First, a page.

Nancy is an award winning fiber and textile artist. Enjoy getting to know her:
How do you describe your work and yourself as an artist? I am an artist working in the fiber medium. I create realistic images of natural objects in a highly exaggerated scale with textiles, ink and thread. My whole-cloth artwork features a bas-relief sculptural effect created with dense hand-guided machine quilting which is accented with hand-stitched details.
Describe the path you have taken to develop your art. Art quilting drew me into the medium but I lacked both the art and the execution skills for doing the level of work that attracted me, so I studied with every top level instructor I could find in the quilt world. Then I took intensive coursework in art design and composition to improve the quality of my art. After that it was a matter of paying close attention to what inspired me, aspects I enjoyed doing and those I did not like to do. I honed away with those guidelines as I developed my own style.
What inspires you? I am fascinated by color, by patterns, the intricacies of the natural world and the dichotomies in how the world works. Working with a small area of the natural world (seeds and fruits) is endlessly fascinating for me.
What do you want to communicate with your art? My Seed Play series exploring the architecture of seeds focuses on tree and shrub seeds and fruits as metaphors for the richness of life’s maturity. Using the uniqueness of tree seeds as metaphor, I strive to illustrate that each individual is unique and wonderful by focusing with admiration and care on a part of the tree that is often overlooked.
Do you teach? Yes, I teach creating designs from nature
Please share with us your artistic journey and your work using botanical illustration to combine your passion for nature, texture, color and women’s work as art. Prior to being a full time artist, I worked in organizational psychology and found various forms of needlework, especially embroidery, to be a soothing hobby as a counterbalance to my work. My first quilted piece was a pattern of the Showy Trillium that I wanted to own, and that required creating it. Soon I created my own designs inspired by special experiences, like the magic of seeing the hatching of Loggerhead sea turtles on the SC coast.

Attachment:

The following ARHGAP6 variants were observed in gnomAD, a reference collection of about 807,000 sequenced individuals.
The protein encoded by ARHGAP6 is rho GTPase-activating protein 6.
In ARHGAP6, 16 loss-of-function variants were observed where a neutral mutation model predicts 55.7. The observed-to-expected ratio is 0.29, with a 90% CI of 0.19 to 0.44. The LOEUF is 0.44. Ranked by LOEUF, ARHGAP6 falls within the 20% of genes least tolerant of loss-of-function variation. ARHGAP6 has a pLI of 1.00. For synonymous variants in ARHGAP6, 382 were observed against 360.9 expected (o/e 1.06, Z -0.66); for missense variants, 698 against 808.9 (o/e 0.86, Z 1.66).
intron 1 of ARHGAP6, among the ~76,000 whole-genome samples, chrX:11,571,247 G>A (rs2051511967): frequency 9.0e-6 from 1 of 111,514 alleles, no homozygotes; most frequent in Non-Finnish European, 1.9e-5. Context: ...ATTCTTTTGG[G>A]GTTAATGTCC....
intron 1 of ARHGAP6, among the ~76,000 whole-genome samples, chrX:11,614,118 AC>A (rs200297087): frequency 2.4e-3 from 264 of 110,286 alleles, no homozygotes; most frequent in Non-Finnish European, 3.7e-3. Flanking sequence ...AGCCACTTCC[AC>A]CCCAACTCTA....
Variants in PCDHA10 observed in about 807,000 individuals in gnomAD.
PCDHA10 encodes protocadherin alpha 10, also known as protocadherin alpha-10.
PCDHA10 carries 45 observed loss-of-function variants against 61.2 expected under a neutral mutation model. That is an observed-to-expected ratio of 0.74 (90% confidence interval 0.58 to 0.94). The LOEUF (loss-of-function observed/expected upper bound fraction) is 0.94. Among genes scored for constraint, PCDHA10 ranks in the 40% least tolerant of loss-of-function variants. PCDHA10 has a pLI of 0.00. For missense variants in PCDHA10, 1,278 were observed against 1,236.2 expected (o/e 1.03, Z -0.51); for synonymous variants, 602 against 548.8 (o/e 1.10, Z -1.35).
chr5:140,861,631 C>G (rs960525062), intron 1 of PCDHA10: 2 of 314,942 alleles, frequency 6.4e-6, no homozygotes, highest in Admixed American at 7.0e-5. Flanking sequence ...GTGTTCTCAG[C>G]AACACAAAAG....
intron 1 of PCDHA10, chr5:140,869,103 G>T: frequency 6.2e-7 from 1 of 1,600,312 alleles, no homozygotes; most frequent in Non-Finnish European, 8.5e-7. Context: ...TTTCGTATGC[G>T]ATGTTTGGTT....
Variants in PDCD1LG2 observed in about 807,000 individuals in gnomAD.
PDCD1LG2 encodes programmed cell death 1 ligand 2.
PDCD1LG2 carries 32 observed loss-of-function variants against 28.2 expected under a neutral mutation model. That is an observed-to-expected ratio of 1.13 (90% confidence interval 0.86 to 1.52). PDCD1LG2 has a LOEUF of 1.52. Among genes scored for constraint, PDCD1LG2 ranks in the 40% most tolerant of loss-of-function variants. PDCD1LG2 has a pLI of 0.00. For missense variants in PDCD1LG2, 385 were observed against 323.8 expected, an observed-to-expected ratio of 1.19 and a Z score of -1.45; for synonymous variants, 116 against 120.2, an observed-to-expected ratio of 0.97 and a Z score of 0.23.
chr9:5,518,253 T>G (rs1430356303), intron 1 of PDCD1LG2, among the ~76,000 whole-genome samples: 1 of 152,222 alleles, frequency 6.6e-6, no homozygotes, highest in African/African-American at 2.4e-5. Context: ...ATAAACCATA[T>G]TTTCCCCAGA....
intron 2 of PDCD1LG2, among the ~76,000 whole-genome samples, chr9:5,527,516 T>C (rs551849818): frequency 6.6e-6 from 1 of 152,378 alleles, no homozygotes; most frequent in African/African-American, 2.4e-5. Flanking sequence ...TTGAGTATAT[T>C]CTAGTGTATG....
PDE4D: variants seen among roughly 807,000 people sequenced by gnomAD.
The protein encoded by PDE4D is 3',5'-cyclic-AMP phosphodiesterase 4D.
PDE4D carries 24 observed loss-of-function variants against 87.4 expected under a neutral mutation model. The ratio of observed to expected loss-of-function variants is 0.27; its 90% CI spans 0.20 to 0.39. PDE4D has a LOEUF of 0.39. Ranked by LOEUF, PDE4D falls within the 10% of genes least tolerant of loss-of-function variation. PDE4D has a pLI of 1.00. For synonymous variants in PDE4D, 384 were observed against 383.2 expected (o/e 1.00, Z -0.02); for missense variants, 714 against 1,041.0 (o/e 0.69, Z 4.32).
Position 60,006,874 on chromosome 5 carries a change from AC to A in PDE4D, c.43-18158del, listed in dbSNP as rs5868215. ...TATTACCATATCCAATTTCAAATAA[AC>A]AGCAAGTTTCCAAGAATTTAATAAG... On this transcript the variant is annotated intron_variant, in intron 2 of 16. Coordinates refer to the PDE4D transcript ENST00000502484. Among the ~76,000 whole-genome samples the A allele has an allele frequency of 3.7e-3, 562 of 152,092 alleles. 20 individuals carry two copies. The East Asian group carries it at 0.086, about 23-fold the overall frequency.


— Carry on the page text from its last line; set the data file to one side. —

I belong to more than four generations of needle workers; having slept under a quilt pieced by my great grandmother and quilted by my grandmother, and grew up wearing the clothes made by my mother; and I own a bed coverlet made by my great grandmothers’ grandmother.
As a lover of art, I found it disturbing when growing up, that I never saw art by women. Only later did I realize that the culture had not provided many opportunities for women, so they often used domestic productions for their creative expression, such as quilts, coverlets, and other forms of textiles. It gives me pleasure to be participating in this long line of work by my foremothers. As the daughter of a seamstress, fabric is a lifelong love of mine, visiting quilt stores long before I was interested in quilting. This love of fabric probably accounts for my choosing to buy hand dyed fabrics from other artists and creating my designs with them rather than doing the dyeing.
After some years of quilting, I noticed a pattern emerged that I turned to trees and leaves over and over again for inspiration. Initially seeds were the little accent details in a larger piece of leaves and branches. Very soon, the seeds became my focus. A member of my Fiber Art Options group pointed out that my work had a similarity to botanical art and suggested a botanical drawing course. The course helped my technical skills at illustrating and gave me an understanding of the historical underpinnings of my work. This focus has provided me with a deep enjoyment of finding and working closely with natural objects.
What I have learned, is that my art provides a way for me to give expression to my deepest spiritual concerns and passions. I want to provide artwork that helps others gain an appreciation of the natural world and the wonders there in.